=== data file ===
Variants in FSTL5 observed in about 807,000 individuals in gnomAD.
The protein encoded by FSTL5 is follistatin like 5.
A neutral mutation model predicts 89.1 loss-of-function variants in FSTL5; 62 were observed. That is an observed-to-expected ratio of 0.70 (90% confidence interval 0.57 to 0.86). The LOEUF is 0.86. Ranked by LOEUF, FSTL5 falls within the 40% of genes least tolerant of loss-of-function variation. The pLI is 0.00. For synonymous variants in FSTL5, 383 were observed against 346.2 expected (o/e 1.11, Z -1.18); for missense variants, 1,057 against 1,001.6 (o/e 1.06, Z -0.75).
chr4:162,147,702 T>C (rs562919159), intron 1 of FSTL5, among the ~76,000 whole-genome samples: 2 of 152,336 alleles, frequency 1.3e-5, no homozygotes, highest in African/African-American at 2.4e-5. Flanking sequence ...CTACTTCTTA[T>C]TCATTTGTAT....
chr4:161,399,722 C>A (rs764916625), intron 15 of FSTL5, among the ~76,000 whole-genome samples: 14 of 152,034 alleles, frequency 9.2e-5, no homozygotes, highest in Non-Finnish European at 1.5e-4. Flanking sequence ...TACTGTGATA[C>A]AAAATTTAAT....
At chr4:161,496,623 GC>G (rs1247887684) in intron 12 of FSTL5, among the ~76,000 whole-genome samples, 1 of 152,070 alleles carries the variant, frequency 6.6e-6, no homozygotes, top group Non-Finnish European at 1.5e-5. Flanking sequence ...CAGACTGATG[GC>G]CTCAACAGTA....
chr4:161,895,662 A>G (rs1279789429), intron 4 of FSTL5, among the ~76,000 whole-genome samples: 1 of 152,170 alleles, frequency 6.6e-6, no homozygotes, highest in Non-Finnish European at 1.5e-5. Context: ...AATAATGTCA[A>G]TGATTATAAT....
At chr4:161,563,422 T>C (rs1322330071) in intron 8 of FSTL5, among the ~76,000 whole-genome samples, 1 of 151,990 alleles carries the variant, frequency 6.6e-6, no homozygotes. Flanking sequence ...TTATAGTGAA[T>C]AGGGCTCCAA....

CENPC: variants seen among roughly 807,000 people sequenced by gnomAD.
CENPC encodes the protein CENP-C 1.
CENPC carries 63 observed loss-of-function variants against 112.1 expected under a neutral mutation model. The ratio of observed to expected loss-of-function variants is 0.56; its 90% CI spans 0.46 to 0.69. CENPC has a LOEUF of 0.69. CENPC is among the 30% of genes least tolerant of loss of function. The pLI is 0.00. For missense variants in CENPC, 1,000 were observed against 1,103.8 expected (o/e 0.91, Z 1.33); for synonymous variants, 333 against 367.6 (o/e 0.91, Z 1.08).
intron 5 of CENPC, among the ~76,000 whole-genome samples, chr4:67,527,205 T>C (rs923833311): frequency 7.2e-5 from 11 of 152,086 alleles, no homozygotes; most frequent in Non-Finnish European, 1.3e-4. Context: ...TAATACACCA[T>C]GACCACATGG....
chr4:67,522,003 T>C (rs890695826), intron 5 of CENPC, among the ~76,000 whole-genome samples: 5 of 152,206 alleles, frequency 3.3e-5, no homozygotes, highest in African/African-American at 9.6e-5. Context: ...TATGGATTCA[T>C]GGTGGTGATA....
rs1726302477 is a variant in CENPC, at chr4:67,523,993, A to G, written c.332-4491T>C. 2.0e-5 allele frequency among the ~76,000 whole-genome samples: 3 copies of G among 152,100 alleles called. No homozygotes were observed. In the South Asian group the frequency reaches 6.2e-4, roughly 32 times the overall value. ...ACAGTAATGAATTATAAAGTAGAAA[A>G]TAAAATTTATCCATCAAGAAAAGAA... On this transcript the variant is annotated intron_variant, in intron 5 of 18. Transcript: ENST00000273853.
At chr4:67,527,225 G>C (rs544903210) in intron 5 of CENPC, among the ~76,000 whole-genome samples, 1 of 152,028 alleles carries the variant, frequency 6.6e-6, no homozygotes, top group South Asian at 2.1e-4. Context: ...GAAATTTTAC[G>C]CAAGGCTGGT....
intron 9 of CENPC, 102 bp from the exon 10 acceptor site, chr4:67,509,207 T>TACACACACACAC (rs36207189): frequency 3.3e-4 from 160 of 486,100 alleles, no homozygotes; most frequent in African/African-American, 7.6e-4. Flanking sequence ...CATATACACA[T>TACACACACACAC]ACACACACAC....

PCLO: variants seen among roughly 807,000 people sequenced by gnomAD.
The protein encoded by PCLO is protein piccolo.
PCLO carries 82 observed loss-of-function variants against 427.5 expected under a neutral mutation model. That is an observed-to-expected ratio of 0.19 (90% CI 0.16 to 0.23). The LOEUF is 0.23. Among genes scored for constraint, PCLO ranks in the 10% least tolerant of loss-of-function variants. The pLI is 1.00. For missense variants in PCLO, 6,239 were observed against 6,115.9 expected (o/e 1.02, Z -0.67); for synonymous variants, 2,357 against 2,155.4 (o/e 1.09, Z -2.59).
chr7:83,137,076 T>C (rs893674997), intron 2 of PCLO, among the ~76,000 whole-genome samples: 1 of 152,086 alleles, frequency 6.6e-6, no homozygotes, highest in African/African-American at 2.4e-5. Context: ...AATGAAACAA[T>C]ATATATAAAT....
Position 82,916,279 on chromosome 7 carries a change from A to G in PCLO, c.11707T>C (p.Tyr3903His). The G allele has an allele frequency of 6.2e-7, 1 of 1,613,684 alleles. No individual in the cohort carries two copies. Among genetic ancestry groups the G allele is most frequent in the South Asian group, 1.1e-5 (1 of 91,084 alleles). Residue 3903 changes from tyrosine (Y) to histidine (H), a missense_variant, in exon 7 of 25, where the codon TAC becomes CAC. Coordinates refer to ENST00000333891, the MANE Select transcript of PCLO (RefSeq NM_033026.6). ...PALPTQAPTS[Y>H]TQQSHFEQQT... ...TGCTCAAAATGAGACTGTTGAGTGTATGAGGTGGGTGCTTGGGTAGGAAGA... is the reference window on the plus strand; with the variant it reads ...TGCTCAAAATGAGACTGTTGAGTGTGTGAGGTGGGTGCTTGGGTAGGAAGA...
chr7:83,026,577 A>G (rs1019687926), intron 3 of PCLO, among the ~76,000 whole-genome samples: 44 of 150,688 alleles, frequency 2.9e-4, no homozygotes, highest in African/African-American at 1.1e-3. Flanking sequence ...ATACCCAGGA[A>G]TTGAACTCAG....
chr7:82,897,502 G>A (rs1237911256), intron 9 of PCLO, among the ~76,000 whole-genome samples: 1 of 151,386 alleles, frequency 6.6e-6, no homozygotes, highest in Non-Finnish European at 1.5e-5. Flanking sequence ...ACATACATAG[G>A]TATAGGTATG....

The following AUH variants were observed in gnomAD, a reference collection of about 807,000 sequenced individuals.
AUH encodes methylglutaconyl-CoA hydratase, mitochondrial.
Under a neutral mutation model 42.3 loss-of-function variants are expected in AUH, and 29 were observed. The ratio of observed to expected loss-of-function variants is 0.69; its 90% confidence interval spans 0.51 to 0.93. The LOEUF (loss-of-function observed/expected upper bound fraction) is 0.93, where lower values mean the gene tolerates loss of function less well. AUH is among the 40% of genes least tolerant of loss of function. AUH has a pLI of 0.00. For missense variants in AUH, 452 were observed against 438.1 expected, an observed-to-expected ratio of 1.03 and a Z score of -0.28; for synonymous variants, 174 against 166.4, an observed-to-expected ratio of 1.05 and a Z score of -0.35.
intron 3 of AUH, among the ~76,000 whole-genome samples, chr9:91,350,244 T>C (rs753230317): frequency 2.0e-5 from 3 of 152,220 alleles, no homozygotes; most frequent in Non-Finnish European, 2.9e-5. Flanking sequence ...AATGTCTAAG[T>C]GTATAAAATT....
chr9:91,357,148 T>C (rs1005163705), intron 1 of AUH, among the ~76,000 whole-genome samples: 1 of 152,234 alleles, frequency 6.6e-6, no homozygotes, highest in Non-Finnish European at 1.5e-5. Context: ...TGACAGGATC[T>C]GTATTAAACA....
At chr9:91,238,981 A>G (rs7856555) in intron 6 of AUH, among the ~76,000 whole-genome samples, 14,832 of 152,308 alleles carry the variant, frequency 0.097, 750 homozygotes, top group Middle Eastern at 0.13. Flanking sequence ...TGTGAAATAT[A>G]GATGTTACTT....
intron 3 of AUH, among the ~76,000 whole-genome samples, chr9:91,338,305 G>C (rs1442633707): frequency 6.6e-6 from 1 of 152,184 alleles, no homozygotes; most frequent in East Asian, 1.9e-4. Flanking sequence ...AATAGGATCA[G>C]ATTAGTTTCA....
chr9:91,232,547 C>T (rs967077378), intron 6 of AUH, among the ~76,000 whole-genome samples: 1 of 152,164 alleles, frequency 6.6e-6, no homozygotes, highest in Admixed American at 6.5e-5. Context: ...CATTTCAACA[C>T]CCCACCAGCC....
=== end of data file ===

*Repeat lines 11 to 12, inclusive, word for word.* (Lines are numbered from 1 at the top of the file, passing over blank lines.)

CENPC carries 63 observed loss-of-function variants against 112.1 expected under a neutral mutation model. The ratio of observed to expected loss-of-function variants is 0.56; its 90% CI spans 0.46 to 0.69. CENPC has a LOEUF of 0.69. CENPC is among the 30% of genes least tolerant of loss of function. The pLI is 0.00. For missense variants in CENPC, 1,000 were observed against 1,103.8 expected (o/e 0.91, Z 1.33); for synonymous variants, 333 against 367.6 (o/e 0.91, Z 1.08).
intron 5 of CENPC, among the ~76,000 whole-genome samples, chr4:67,527,205 T>C (rs923833311): frequency 7.2e-5 from 11 of 152,086 alleles, no homozygotes; most frequent in Non-Finnish European, 1.3e-4. Context: ...TAATACACCA[T>C]GACCACATGG....